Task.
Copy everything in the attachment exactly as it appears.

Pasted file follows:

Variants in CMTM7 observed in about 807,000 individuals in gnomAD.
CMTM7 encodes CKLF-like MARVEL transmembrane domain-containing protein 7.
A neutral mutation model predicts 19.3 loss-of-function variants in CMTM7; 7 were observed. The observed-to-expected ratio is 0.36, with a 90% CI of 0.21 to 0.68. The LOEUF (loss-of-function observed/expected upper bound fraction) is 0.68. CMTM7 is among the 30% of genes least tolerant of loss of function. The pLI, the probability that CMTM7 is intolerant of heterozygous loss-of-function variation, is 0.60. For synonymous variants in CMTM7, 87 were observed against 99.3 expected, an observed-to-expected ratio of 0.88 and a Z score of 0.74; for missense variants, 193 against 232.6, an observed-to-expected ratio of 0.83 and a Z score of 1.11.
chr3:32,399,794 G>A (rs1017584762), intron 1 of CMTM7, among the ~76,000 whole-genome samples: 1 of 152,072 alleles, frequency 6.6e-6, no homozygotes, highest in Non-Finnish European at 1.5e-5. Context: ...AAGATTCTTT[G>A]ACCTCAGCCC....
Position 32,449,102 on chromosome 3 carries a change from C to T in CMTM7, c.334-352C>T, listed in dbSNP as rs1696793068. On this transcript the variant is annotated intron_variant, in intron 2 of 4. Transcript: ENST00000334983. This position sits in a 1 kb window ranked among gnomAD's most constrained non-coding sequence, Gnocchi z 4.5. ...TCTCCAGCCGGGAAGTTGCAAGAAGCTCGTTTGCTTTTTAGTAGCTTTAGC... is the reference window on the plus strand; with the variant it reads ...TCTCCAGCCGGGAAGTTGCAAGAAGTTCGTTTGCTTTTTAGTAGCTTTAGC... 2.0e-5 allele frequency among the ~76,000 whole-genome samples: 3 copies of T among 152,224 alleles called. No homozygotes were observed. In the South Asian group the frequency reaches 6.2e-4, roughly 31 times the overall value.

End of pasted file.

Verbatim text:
Variants in CMTM7 observed in about 807,000 individuals in gnomAD.
CMTM7 encodes CKLF-like MARVEL transmembrane domain-containing protein 7.
A neutral mutation model predicts 19.3 loss-of-function variants in CMTM7; 7 were observed. The observed-to-expected ratio is 0.36, with a 90% CI of 0.21 to 0.68. The LOEUF (loss-of-function observed/expected upper bound fraction) is 0.68. CMTM7 is among the 30% of genes least tolerant of loss of function. The pLI, the probability that CMTM7 is intolerant of heterozygous loss-of-function variation, is 0.60. For synonymous variants in CMTM7, 87 were observed against 99.3 expected, an observed-to-expected ratio of 0.88 and a Z score of 0.74; for missense variants, 193 against 232.6, an observed-to-expected ratio of 0.83 and a Z score of 1.11.
chr3:32,399,794 G>A (rs1017584762), intron 1 of CMTM7, among the ~76,000 whole-genome samples: 1 of 152,072 alleles, frequency 6.6e-6, no homozygotes, highest in Non-Finnish European at 1.5e-5. Context: ...AAGATTCTTT[G>A]ACCTCAGCCC....
Position 32,449,102 on chromosome 3 carries a change from C to T in CMTM7, c.334-352C>T, listed in dbSNP as rs1696793068. On this transcript the variant is annotated intron_variant, in intron 2 of 4. Transcript: ENST00000334983. This position sits in a 1 kb window ranked among gnomAD's most constrained non-coding sequence, Gnocchi z 4.5. ...TCTCCAGCCGGGAAGTTGCAAGAAGCTCGTTTGCTTTTTAGTAGCTTTAGC... is the reference window on the plus strand; with the variant it reads ...TCTCCAGCCGGGAAGTTGCAAGAAGTTCGTTTGCTTTTTAGTAGCTTTAGC... 2.0e-5 allele frequency among the ~76,000 whole-genome samples: 3 copies of T among 152,224 alleles called. No homozygotes were observed. In the South Asian group the frequency reaches 6.2e-4, roughly 31 times the overall value.